You’re not stuck with the public speaking voice you might think you were born with. While such voices as Sean Connery, James Earl Jones, George Clooney, Cher and Ashley Judd likely have a certain genetic predisposition to sound pleasing to our ears, more likely is the fact that they learned early on how to use their chest cavity to add power and resonance to the words they spoke. A strong, warm, rich public speaking voice could be the missing ingredient that puts your career on the fast track.
The good news is that you can learn to change your voice. Make it deeper. Caress the audiences auditory sensors. The average Joe Blow walking around on the street uses his throat to power his voice. Nothing wrong with that. Most of us do. It’s easy and as natural as walking. As singers and successful public speakers will attest to however, it takes work to learn to reach down deep into the chest to find the voice you never knew existed. Should you choose to pursue voice development, you will likely be amazed at the difference between speaking from your throat versus finding the hidden power in the chest cavity and stomach diaphragm.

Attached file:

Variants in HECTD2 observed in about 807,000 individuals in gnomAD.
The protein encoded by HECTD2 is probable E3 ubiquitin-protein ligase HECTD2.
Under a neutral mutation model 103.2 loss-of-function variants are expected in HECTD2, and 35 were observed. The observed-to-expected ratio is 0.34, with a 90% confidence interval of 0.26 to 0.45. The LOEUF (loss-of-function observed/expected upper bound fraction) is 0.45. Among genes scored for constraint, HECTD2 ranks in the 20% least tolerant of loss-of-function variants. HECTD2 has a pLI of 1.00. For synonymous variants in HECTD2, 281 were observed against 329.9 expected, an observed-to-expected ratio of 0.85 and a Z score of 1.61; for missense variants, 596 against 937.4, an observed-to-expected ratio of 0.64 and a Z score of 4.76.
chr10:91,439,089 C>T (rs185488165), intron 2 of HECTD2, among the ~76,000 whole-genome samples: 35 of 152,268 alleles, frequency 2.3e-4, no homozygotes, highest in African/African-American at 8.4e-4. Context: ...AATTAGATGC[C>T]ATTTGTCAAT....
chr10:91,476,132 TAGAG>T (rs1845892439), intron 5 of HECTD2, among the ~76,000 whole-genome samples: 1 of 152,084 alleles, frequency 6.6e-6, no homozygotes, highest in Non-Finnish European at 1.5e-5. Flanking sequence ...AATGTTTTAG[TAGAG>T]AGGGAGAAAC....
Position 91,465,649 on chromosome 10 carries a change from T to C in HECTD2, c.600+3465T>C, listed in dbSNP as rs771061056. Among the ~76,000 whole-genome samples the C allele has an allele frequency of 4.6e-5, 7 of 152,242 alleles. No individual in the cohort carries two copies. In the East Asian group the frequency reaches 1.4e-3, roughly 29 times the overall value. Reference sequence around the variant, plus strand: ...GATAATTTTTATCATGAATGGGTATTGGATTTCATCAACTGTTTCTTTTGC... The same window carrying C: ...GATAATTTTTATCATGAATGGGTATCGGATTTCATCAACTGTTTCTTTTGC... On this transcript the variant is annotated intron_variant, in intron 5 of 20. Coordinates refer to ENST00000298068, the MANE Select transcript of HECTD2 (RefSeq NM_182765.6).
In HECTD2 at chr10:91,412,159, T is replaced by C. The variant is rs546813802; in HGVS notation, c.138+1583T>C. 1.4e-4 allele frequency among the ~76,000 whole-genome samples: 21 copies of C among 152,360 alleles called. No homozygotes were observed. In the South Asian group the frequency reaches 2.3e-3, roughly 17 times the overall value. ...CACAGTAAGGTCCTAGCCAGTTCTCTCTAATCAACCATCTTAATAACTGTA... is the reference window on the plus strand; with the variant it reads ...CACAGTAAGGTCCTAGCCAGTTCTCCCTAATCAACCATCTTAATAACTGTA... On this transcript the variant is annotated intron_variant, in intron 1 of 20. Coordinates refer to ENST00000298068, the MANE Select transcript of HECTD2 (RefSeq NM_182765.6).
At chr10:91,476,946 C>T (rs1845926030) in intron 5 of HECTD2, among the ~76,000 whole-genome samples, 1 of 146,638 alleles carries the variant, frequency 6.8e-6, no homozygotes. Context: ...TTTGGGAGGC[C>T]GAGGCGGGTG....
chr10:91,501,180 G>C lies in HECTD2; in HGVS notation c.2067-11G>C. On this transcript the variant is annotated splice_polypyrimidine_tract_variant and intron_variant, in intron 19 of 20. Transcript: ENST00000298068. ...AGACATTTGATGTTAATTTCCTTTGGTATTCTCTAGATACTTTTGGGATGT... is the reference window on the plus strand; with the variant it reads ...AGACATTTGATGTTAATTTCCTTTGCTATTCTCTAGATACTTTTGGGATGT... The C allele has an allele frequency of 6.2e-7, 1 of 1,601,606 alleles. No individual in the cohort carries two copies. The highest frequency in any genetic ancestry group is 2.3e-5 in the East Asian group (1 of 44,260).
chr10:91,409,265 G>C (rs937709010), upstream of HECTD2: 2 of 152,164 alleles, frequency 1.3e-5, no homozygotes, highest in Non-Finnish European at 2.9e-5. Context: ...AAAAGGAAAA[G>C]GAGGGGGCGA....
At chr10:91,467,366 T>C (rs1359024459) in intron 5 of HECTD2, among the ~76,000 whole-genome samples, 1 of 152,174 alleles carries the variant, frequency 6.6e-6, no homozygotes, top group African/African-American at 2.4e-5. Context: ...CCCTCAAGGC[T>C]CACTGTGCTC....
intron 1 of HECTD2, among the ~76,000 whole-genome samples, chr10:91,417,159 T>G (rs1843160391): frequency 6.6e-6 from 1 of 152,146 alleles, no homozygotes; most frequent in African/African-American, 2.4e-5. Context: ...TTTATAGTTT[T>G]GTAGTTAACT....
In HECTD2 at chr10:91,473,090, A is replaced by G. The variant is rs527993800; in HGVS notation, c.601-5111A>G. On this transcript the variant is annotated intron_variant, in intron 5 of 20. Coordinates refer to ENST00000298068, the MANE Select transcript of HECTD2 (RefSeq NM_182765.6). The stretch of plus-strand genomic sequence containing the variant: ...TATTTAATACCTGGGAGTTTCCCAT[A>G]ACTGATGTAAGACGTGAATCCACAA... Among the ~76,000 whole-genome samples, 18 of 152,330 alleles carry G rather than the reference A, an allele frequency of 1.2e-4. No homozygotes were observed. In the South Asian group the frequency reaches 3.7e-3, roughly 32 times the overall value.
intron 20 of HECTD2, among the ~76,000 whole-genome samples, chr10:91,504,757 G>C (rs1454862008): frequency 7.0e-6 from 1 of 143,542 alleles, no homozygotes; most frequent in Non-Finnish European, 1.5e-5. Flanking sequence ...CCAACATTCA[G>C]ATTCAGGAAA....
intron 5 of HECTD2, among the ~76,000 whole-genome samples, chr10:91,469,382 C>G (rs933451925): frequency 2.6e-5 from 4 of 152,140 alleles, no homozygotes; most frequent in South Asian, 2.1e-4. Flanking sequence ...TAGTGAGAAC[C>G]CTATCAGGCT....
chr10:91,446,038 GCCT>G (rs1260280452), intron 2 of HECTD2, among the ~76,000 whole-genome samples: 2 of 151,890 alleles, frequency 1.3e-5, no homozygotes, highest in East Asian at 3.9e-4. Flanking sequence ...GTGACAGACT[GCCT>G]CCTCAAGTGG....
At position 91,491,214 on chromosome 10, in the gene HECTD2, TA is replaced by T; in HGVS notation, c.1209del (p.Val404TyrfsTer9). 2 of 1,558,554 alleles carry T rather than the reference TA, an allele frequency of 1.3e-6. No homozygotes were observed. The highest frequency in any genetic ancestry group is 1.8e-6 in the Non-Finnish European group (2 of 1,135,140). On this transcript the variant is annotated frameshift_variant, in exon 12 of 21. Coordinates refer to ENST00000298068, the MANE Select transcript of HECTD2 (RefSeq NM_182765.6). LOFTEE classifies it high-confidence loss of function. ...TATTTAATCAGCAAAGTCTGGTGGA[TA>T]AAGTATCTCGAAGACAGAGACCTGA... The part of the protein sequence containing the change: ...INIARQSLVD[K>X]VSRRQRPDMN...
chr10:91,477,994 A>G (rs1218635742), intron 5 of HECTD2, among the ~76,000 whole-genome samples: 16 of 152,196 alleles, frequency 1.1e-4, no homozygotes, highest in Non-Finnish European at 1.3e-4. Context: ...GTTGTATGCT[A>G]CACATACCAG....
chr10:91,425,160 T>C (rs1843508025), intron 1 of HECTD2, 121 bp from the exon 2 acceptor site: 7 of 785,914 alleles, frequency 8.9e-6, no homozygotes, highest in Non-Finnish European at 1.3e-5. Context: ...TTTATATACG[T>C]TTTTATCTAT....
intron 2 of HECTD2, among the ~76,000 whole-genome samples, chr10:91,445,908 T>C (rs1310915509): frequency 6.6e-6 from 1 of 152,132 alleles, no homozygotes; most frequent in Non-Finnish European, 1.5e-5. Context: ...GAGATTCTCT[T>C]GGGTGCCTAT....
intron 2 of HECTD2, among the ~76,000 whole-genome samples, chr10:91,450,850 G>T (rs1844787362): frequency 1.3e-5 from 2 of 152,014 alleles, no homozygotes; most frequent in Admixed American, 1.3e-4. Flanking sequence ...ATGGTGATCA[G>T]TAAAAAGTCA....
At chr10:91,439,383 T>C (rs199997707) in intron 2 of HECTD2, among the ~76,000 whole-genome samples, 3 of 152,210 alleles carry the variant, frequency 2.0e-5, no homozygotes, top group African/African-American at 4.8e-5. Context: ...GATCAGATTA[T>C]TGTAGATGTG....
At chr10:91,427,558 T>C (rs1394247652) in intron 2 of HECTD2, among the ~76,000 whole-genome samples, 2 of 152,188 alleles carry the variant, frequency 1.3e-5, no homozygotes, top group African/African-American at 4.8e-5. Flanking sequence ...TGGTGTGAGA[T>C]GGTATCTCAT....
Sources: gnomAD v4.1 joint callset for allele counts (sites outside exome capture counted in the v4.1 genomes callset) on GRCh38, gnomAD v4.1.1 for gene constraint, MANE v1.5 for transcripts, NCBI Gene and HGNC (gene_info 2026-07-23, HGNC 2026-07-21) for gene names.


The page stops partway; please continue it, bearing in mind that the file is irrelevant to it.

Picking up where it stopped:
Is your voice okay right now or could it use some help? Try to get honest feedback from people you trust and who want you to succeed. If they give a lukewarm response on how pleasingly powerful your public speaking voice is, it’s time to find a vocal coach. Essentially, you’re looking to develop strength, stamina and control from an area of the body long neglected.
Ask around for vocal coach recommendations. The local music store or college music department might be a good place to start. Lessons won’t be prohibitively expensive and a short course of instruction will provide techniques to practice until you bring your voice up to speed. Maybe you’ve already got a sexy, strong vocal approach. Bully for you. Get out there and use it. The rest of us should realize that, like any other body part, the muscles that deliver air to the voice can be shaped and developed. We’re not promising you’ll become the next George Clooney but there’s a good chance that a better voice will have a positive effect on the rest of your life. Sound good, look good, BE good.
The Speaking of Wealth Team
Flickr / Beverly & Pack